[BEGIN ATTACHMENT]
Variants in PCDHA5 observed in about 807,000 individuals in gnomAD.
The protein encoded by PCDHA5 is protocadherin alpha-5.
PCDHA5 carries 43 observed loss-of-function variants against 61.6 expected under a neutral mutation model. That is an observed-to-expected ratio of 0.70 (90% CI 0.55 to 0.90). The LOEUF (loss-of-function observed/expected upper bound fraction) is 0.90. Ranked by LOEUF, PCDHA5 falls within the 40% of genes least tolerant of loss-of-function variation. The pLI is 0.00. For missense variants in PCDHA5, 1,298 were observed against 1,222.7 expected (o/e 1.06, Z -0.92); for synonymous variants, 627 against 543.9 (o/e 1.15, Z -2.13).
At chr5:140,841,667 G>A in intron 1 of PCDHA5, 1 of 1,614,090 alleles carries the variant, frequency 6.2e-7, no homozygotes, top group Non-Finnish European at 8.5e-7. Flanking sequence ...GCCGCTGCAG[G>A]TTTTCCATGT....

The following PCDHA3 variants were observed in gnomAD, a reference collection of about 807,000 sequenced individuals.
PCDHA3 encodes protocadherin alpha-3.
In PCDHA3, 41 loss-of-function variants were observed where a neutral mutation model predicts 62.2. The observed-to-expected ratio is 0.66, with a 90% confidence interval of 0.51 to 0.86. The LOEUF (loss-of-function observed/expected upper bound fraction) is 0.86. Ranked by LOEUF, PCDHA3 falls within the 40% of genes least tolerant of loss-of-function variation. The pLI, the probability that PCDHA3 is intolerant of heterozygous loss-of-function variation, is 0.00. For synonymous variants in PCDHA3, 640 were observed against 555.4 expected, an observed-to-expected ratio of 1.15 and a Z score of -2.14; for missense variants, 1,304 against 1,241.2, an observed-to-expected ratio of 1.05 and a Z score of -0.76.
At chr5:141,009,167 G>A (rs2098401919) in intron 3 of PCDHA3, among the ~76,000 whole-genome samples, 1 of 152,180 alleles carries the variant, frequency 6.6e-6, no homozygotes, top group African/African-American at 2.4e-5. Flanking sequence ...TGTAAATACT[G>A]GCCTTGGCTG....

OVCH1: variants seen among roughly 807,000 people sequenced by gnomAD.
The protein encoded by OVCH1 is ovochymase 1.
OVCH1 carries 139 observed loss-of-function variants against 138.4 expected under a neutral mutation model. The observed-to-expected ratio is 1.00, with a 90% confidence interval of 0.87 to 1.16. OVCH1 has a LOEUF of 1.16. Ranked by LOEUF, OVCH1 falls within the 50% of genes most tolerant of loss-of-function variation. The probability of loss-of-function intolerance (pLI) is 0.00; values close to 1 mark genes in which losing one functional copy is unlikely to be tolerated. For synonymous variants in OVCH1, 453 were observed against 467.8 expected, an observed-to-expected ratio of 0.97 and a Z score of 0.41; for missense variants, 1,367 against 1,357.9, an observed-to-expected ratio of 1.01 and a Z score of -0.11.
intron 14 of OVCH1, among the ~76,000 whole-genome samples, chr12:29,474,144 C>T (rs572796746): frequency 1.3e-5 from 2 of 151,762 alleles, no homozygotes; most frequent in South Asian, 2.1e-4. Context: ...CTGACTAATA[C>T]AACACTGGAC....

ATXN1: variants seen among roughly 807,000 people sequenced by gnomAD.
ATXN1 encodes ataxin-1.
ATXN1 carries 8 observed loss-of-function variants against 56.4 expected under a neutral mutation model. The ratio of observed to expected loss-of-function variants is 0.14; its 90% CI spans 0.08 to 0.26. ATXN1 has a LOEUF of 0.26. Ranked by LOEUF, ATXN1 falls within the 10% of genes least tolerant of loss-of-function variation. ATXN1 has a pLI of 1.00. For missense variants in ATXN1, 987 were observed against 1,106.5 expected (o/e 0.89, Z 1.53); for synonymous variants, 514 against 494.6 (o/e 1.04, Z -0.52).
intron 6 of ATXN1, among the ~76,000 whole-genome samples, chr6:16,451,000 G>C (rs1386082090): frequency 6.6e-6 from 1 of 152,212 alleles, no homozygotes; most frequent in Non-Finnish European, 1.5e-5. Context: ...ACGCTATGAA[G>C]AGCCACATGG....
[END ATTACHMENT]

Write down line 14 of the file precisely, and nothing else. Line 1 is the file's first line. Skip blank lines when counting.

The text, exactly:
ATXN1 encodes ataxin-1.